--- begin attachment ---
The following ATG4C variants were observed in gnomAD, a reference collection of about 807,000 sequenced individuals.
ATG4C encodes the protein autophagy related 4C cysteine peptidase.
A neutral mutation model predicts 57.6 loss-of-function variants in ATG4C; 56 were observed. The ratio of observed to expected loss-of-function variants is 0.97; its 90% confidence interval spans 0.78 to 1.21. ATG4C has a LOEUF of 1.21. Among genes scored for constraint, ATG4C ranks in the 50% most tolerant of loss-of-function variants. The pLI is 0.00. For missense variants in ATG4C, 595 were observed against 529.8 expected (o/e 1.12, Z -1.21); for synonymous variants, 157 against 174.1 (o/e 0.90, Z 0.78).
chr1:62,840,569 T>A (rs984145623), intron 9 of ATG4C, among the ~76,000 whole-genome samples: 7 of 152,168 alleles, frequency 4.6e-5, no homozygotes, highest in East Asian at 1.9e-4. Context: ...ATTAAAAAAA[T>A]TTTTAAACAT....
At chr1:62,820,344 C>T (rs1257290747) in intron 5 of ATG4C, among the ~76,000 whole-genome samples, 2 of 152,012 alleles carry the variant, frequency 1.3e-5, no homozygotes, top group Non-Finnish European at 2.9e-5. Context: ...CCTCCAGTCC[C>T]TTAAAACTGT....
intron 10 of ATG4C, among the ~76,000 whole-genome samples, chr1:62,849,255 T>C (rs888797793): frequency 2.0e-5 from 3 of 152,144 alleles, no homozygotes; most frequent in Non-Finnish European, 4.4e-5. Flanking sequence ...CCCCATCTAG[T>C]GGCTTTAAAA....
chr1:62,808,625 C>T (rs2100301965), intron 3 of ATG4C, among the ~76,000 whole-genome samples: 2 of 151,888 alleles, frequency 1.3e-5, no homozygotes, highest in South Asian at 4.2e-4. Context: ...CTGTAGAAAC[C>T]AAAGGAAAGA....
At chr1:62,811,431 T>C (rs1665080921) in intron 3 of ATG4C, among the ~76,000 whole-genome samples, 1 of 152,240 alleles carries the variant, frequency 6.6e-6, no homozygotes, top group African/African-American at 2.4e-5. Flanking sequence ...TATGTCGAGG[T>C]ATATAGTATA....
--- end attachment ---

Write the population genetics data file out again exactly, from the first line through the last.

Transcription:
The following ATG4C variants were observed in gnomAD, a reference collection of about 807,000 sequenced individuals.
ATG4C encodes the protein autophagy related 4C cysteine peptidase.
A neutral mutation model predicts 57.6 loss-of-function variants in ATG4C; 56 were observed. The ratio of observed to expected loss-of-function variants is 0.97; its 90% confidence interval spans 0.78 to 1.21. ATG4C has a LOEUF of 1.21. Among genes scored for constraint, ATG4C ranks in the 50% most tolerant of loss-of-function variants. The pLI is 0.00. For missense variants in ATG4C, 595 were observed against 529.8 expected (o/e 1.12, Z -1.21); for synonymous variants, 157 against 174.1 (o/e 0.90, Z 0.78).
chr1:62,840,569 T>A (rs984145623), intron 9 of ATG4C, among the ~76,000 whole-genome samples: 7 of 152,168 alleles, frequency 4.6e-5, no homozygotes, highest in East Asian at 1.9e-4. Context: ...ATTAAAAAAA[T>A]TTTTAAACAT....
At chr1:62,820,344 C>T (rs1257290747) in intron 5 of ATG4C, among the ~76,000 whole-genome samples, 2 of 152,012 alleles carry the variant, frequency 1.3e-5, no homozygotes, top group Non-Finnish European at 2.9e-5. Context: ...CCTCCAGTCC[C>T]TTAAAACTGT....
intron 10 of ATG4C, among the ~76,000 whole-genome samples, chr1:62,849,255 T>C (rs888797793): frequency 2.0e-5 from 3 of 152,144 alleles, no homozygotes; most frequent in Non-Finnish European, 4.4e-5. Flanking sequence ...CCCCATCTAG[T>C]GGCTTTAAAA....
chr1:62,808,625 C>T (rs2100301965), intron 3 of ATG4C, among the ~76,000 whole-genome samples: 2 of 151,888 alleles, frequency 1.3e-5, no homozygotes, highest in South Asian at 4.2e-4. Context: ...CTGTAGAAAC[C>T]AAAGGAAAGA....
At chr1:62,811,431 T>C (rs1665080921) in intron 3 of ATG4C, among the ~76,000 whole-genome samples, 1 of 152,240 alleles carries the variant, frequency 6.6e-6, no homozygotes, top group African/African-American at 2.4e-5. Flanking sequence ...TATGTCGAGG[T>C]ATATAGTATA....